A wig that can change the world

Cling to me like Ivy

The Door

Birmingham Rep


SAMANTHA Ellis’s bittersweet tale of tradition and values, love and religion gives a fascinating glimpse into Orthodox Jewish life.

We have nursery school teacher Rivka, all innocence and sexually naive played beautifully  by Emily Holt in her theatrical debut since leaving LAMDA last summer. She is planning her wedding and loves her sheitel. Sheitel? Do keep up, those are the wigs worn by married orthodox Jewish women.

She is the daughter of a rabbi, untouched by human - at least male human - hand and weighed down by tradition.

Her friend is the slightly, oh let’s be honest, lot more worldly Leela (Mona Goodwin) a medical student who is a Hindu - the relevance to be seen later.

Rivka is set to marry David (David Hartley) the son of a rabbi who rebelled and became . . . an optician. That’s really letting your hair down. He makes dull seem interesting.


Her father Shmuley (Edward Halstead) feels he always has to prove himself after becoming an Orthodox Jew later in his life while Rivka’s grandmother Malka, a wonderfully comic, sad and intense performance from Amanda Boxer, is all Chicken soup, warm humour and words of wisdom. She also has a colourful past which, like most things in this well crafted play, has a bearing on events.

Into their cosy world, where the women see life through OK magazine, comes both Patrick, (Gethin Anthony) an eco-warrior and tree sitter and a challenge to the established order when a chance remark by Victoria Beckham about hair extensions caused a worldwide Jewish crisis.

Beckham was asked if her hair extensions came from prisoners in Russia forced to shave their heads and she flippantly said she had half of Russian Cell Block H on her head.

Hardly a crisis you might think. But in the celebrity obsessed fuss it emerged 400 tons a year in the international hair trade came from the Tirupati Temple, a famous Hindu Temple of Lord Venkateswara located in the hill town Tirumala of Andhra Pradesh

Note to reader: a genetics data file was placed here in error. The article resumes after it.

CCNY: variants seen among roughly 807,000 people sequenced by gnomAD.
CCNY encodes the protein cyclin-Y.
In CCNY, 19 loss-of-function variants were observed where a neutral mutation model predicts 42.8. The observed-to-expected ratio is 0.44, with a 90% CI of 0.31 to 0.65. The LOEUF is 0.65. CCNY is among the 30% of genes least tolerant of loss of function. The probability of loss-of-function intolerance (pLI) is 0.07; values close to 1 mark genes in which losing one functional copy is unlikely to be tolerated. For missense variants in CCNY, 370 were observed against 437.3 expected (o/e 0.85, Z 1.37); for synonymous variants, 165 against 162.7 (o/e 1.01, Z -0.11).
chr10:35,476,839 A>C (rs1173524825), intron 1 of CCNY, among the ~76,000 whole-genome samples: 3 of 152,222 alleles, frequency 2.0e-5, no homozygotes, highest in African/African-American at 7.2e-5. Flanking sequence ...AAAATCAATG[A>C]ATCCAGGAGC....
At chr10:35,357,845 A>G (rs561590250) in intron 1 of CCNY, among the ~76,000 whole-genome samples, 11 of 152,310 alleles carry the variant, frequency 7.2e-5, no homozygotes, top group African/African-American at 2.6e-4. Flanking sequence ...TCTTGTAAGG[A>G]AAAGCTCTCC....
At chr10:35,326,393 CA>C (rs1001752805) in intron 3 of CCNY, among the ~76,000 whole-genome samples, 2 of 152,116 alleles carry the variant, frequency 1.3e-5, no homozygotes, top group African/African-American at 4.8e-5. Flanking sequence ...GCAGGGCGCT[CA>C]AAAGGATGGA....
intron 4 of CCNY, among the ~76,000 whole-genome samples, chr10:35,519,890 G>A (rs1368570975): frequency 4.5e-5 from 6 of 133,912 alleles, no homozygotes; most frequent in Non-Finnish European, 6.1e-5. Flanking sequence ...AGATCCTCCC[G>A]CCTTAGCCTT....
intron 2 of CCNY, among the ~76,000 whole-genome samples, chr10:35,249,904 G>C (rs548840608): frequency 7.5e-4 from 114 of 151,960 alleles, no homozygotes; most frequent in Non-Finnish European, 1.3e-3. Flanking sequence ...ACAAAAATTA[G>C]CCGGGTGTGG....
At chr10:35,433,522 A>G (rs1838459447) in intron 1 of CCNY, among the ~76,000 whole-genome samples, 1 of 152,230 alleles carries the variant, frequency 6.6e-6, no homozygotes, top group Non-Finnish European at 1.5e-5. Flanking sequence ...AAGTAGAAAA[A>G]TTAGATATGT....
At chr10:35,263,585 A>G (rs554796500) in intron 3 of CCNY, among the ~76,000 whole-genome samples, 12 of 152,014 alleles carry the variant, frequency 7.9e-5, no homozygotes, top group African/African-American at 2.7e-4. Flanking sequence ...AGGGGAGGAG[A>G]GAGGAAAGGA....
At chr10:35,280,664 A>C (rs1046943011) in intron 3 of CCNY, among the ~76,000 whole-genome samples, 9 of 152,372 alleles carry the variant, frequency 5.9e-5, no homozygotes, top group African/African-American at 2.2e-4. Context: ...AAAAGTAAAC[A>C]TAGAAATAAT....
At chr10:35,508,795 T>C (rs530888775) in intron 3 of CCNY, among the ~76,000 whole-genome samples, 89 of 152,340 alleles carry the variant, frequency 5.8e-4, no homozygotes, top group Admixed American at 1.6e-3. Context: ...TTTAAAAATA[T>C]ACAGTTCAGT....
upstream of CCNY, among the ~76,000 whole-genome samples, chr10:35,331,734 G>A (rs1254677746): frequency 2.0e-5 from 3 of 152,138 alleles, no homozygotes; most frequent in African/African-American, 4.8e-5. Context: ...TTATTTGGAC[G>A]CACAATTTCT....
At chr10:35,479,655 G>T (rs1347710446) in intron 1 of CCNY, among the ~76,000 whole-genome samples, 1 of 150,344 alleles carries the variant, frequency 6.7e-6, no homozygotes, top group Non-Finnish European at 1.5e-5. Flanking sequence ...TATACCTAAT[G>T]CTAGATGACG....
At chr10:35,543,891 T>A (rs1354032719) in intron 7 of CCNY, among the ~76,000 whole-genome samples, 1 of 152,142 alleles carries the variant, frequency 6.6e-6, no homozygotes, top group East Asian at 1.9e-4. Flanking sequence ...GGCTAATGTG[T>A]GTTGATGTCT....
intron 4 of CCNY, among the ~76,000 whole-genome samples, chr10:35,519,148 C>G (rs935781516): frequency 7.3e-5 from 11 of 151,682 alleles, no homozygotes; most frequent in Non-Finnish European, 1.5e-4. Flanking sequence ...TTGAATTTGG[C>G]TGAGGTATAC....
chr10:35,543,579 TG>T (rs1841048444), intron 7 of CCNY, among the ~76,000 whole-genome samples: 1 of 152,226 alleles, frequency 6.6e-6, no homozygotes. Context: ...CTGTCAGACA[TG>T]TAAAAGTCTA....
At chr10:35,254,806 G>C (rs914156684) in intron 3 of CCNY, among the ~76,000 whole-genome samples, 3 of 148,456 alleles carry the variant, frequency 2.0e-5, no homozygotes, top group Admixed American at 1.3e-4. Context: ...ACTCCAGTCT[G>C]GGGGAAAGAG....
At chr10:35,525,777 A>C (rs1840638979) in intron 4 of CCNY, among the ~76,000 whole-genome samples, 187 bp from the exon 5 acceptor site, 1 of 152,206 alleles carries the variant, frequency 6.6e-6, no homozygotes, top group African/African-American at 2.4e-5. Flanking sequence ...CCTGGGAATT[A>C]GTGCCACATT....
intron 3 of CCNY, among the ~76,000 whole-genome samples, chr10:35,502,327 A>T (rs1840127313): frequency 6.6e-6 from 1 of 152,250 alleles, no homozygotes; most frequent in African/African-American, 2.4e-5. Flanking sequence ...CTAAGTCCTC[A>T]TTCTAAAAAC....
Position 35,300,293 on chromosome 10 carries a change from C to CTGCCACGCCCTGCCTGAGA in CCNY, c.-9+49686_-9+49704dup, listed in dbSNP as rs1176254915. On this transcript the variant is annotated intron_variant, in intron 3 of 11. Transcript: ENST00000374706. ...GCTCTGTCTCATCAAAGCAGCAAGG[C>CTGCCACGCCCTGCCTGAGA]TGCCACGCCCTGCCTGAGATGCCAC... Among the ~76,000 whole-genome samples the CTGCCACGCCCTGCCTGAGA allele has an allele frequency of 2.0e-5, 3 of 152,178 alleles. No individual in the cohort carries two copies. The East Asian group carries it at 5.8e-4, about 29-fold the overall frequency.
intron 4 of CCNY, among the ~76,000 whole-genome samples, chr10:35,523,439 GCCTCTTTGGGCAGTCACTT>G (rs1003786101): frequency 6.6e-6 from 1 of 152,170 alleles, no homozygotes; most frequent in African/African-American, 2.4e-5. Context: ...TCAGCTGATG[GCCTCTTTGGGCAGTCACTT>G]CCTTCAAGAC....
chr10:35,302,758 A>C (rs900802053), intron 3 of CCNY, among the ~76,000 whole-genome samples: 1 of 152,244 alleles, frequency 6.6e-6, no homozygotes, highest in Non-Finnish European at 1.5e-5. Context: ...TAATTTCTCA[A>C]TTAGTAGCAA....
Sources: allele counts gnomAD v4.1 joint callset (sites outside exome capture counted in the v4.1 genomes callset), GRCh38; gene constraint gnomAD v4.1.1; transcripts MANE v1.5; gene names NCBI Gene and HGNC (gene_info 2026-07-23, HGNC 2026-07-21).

Still wondering where the crisis comes in? Orthodox Jews consider Hinduism involves idol worship which is a big no no, second commandment, graven images and all that in the Decalogue; so that would make any wigs made from hair from a Hindu temple questionable under Jewish religious law. Hence the crisis with wig burning in the streets and Jewish wives and widows wearing synthetic wigs and swim caps until the matter was resolved by a London based rabbi who went to India on a fact finding mission then on to Jerusalem to make a decision.

Amid all this comes Rivka’s sexual and emotional awakening and to an extent a discovery by each of the characters as to what is important and who they are.

The set is a clever kitchen designed by Ruari Murchison which gives us two sinks, one for milk one for meat and never the two should mix,  all part of a life  most of the audience did not know existed.


There is a touching moment, literally, when Rivka pretends she has something in her eye and asks David to have a look - he can touch her for medical purposes apparently. It is a simple moment but one we all know is going to be important.

The set converts with a few hooks into a tree top where Rivka finds another world which will change her life for ever.

The climax is neither happy nor sad, it just is -  which is, in the end, what life is is for most people.

There are drawbacks for a non-Jewish audience with some of the words and terms, rather like watching a sport where you don’t know all the rules and have to work it out as you go along but it is not difficult to follow and the effort is well worthwhile. 

This is a world premiere and from its reception it looks like the play could well be around for some time. It is beautifully written, sensitively acted by a superb cast and well directed by Sarah Esdale. To 27-02-10

Roger Clarke 


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